We asked Alison Pick five questions about taking a break between books and how Strangers with The Same Dream allowed her to explore the bond of motherhood. You can find her at IFOA 2017.
Shortlisted for the Governor General’s Literary Award for English-language fiction, Michael Kaan and Jocelyn Parr answered a few questions for us ahead of their IFOA 2017 appearance. We discussed what it’s like being a debut author, the moment they found out they were shortlisted for the GGs and of course, their award nominated books. You can find both Michael and Jocelyn with the other nominees at the GGBooks @ IFOA event on October 23.
Michael Kaan: The Water Beetles is based mostly on memoirs that my father wrote in the 80s and 90s about his experiences as young boy during the Japanese occupation of Hong Kong in WWII. But what inspired it was mostly the driving need to write and to find a story that I believed would connect to other people. I also wanted to find a way to talk about aspects of the war that are less well-known to western readers.
Jocelyn Parr: A friend happened to loan me a tremendous book called Making Things Public: Atmospheres of Democracy. It was filled with many very short, very intriguing articles, one of which described the brain institute that displayed Lenin’s brain in the early years of Stalin. I stumbled upon that article and then read everything else I could find about the institute. There didn’t turn out to be very much because the history of the institute had been systematically erased once the cult of Stalin surpassed the cult of Lenin. When my sources ran dry, I started inventing.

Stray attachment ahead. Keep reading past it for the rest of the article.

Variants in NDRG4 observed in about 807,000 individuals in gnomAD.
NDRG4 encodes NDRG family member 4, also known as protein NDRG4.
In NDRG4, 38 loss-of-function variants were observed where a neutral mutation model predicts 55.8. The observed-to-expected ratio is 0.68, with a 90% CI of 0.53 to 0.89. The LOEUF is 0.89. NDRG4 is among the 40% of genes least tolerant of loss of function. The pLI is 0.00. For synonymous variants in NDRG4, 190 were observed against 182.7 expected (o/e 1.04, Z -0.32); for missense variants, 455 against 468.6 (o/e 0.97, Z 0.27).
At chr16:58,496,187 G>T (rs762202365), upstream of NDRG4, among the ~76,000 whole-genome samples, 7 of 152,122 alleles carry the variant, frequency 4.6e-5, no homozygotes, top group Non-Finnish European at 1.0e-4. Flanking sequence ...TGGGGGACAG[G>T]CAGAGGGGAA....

By: J. Patrick Boyer
The celebrated “gift to see ourselves as others see us” requires gaining an objective distance to appraise qualities hard to recognize from too close up. It can be sobering, and instructive. In 2017, Canadians are celebrating a century and a-half of Confederation under 1867’s Constitution by focusing overwhelmingly on ourselves, a self-referencing paradigm, a mirror not a window.
That’s why it’s doubly good to have a dose of realism about how others see us.
In my book, Foreign Voices in the House, those “others” offering such a vantage point are the five dozen presidents, prime ministers, monarchs, and transnational leaders who’ve addressed the Canadian House of Commons, from their perspective on this country, over the past hundred years.
These exceptionally diverse leaders, speaking at intervals ever since Rene Viviani of France and Arthur Balfour of Britain began the tradition in 1917, offer a kaleidoscopic view on a country evolving from colonial status to independent nationhood, in a world constantly remaking itself in geopolitical, economic, and technological ways.